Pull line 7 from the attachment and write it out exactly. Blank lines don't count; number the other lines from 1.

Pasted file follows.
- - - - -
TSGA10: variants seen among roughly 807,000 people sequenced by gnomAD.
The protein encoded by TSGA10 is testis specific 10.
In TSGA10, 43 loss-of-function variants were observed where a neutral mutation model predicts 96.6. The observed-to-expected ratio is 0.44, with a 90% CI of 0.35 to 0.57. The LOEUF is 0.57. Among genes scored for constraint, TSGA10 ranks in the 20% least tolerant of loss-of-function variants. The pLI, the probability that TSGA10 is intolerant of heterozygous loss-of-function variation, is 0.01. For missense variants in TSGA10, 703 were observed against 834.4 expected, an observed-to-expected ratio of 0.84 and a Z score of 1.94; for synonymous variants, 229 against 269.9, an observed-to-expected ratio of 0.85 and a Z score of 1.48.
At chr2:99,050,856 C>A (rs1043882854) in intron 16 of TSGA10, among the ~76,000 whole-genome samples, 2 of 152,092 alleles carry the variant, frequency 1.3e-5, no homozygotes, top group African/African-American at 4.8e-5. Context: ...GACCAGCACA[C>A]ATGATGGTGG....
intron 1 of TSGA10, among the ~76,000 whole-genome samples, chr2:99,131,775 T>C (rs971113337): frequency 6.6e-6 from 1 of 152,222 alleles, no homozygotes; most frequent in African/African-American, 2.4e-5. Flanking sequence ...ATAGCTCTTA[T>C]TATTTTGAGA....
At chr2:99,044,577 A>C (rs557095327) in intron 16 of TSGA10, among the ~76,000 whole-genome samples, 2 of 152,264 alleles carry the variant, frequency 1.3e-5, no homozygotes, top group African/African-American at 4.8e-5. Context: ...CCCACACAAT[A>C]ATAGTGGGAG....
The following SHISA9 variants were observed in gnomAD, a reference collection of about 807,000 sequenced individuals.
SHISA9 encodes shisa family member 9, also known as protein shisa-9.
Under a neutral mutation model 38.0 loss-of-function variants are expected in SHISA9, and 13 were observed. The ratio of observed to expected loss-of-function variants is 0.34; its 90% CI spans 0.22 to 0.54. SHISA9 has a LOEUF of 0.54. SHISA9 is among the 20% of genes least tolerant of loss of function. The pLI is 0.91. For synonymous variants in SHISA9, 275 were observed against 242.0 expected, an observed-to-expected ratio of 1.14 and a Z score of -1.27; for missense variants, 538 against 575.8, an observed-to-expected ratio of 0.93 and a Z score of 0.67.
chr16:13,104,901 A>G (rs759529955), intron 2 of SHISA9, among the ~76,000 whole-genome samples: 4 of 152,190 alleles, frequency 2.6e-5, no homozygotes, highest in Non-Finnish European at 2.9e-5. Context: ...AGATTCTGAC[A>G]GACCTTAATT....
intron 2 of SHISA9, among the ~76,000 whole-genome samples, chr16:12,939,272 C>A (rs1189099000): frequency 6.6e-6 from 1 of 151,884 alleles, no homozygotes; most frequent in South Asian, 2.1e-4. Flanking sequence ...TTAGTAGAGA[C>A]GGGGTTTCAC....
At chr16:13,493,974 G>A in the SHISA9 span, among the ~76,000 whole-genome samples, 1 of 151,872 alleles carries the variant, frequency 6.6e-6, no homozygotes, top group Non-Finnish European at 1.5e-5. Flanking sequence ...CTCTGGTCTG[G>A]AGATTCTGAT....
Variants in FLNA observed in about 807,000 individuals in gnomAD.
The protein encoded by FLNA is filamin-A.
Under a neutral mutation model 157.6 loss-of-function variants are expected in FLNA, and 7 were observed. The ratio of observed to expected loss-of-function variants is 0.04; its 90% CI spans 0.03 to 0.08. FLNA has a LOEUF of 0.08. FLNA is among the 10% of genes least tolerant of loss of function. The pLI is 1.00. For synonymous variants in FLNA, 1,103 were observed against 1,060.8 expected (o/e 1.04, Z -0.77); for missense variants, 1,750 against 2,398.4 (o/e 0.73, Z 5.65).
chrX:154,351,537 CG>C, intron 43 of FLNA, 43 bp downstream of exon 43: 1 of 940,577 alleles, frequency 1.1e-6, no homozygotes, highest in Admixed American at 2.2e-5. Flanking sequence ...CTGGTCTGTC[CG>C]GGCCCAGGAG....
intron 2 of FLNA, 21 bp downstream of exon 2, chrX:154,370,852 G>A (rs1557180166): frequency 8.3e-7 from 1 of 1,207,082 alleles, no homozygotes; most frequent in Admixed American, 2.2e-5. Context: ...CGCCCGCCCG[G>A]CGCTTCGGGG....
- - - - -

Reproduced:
The following SHISA9 variants were observed in gnomAD, a reference collection of about 807,000 sequenced individuals.